I thought that way about touch as well. Touch can be very seductive. We can live our entire lives wishing nothing but to be in love and to touch our loved ones, to have that wonderful sensual type of experienceMany of us have the kind of lives where we simply go from one of those experiences to another.  It can be very seductive.  Touch is good. I can comfort my baby.  I can sooth someone who is not feeling well. I can make someone that I can touch temporarily happy.  But I came to understand that touch has its limitations and that it can be seductive.  I came to understand ultimately it is touch that enables me to turn my page. I can tell where the pages are. Touch tells me how to get to the prayer that I want. So I have come to understand that touch is another animal that can be ridden and that can bring about benefit.

In every case, from the different parts of my body to the whole total sense of my identity to all of my senses as I understood them at that time, even to the external circumstances of my life like the clothing that I wore, or the food that I ate, the car that I drove, the house that I lived in, all of these things that I examined, I thought of in the same way as having some temporary benefit, but that ultimately whatever one receives one will also lose. And that these things are very limited.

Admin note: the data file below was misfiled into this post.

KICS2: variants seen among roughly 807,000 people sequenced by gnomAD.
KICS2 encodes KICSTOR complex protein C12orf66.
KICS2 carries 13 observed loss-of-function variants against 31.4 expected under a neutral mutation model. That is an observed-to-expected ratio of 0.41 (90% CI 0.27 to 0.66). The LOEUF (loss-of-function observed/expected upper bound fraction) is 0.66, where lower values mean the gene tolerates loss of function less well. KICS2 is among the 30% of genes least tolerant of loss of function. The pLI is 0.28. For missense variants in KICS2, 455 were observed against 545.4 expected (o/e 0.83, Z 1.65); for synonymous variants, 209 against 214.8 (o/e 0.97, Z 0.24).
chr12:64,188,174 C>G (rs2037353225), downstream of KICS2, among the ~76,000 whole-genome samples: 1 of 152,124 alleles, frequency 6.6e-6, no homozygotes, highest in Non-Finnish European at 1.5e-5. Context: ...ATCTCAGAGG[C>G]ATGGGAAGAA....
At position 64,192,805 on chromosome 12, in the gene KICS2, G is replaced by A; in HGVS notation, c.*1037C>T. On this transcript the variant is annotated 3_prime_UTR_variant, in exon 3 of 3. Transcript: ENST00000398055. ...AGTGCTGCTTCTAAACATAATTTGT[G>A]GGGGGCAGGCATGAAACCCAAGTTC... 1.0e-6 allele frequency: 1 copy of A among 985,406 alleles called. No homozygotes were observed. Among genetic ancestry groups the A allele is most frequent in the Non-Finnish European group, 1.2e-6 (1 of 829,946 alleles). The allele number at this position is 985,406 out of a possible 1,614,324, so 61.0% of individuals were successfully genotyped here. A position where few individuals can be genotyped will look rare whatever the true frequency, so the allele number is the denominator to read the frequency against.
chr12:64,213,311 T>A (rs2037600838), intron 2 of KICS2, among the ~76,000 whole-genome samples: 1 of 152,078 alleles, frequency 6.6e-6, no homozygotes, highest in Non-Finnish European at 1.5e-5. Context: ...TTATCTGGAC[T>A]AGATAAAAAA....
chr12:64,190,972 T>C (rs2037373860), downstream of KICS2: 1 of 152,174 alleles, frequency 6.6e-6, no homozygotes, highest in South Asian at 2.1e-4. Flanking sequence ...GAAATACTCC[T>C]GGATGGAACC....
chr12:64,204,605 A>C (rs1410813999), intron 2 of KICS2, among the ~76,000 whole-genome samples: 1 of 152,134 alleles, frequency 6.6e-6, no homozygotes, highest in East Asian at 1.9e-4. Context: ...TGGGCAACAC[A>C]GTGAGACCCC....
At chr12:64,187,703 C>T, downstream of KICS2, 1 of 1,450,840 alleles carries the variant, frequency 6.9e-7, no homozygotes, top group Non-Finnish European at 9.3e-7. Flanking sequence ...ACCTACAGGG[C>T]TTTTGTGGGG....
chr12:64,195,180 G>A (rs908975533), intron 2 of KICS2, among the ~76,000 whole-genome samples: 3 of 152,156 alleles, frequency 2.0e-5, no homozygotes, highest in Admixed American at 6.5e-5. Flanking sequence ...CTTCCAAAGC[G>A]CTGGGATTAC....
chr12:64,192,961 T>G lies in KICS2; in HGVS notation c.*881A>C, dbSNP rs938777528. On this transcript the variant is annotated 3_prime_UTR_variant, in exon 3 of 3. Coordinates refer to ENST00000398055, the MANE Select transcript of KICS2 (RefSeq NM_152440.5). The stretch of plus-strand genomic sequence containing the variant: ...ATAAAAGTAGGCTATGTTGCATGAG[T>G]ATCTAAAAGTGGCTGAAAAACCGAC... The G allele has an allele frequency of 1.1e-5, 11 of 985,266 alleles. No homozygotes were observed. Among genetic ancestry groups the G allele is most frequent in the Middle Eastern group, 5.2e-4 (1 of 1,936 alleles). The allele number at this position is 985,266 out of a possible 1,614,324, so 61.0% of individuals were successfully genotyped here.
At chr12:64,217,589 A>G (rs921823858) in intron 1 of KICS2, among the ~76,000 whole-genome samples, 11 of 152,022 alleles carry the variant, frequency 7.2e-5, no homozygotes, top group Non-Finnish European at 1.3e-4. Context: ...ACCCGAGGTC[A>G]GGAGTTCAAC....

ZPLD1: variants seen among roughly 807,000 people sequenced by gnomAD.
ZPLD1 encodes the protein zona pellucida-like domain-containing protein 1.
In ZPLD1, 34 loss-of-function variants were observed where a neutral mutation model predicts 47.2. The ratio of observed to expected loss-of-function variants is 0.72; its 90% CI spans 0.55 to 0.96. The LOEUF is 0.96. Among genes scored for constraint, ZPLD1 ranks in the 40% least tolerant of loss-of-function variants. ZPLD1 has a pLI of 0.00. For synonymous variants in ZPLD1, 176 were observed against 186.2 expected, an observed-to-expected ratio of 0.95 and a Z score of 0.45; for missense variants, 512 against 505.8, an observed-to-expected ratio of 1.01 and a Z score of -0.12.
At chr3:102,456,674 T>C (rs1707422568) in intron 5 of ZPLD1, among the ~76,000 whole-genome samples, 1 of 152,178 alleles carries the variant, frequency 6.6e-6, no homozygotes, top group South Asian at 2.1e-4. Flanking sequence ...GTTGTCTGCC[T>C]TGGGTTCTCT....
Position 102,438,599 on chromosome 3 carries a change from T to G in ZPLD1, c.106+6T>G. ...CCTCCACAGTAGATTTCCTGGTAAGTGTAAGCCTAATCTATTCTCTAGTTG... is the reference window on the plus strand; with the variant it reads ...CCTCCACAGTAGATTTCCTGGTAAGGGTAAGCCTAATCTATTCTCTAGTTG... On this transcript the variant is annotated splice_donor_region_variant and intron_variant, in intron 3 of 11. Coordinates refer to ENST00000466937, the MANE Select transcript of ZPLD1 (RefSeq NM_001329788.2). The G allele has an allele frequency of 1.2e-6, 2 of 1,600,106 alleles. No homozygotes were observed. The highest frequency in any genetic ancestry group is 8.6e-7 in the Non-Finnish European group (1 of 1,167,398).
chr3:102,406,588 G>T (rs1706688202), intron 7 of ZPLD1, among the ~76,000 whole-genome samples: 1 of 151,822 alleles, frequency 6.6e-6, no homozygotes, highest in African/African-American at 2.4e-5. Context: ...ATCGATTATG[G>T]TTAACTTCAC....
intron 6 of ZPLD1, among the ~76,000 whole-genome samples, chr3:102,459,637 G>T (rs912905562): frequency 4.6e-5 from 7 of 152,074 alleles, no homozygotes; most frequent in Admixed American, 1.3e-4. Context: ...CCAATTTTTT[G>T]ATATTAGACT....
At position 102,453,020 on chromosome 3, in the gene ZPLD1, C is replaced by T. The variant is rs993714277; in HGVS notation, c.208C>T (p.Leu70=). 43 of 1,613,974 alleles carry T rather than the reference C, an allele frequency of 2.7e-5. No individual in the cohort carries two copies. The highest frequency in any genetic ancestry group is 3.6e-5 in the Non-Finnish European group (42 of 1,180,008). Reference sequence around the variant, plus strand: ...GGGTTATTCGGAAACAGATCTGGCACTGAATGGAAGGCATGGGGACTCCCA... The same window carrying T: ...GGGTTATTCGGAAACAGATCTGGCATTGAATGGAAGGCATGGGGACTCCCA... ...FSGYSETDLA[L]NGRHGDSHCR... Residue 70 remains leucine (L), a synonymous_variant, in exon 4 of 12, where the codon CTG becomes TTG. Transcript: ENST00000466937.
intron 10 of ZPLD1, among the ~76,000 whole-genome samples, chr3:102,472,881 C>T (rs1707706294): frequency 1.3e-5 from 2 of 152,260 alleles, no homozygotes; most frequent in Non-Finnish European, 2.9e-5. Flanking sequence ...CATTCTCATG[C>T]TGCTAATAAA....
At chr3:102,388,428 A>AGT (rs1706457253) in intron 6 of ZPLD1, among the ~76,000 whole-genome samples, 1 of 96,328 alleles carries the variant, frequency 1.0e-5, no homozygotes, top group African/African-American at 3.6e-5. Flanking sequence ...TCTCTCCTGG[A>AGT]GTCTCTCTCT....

You might say to yourself, “Well, gee, did you develop a kind of cynicism?  Did you just sit around making yourself miserable all day long?”  And I have to tell you that, in truth, there are moments when I felt the grief of sentient beings. I recommend doing this, and I don’t recommend letting yourself off easy. It is like exercise. You know that if you don’t put any weight in your hand, but you just keep going like that [pumping your arm], maybe that muscle will get some blood in it. But if you take some weight in your hand and you really think about it, and you really work it, you will develop a very tuned, very strong muscle. So it is like that. I have to tell you that I would spend some days thinking about the suffering of sentient beings and it would not be happy. It would be really sad.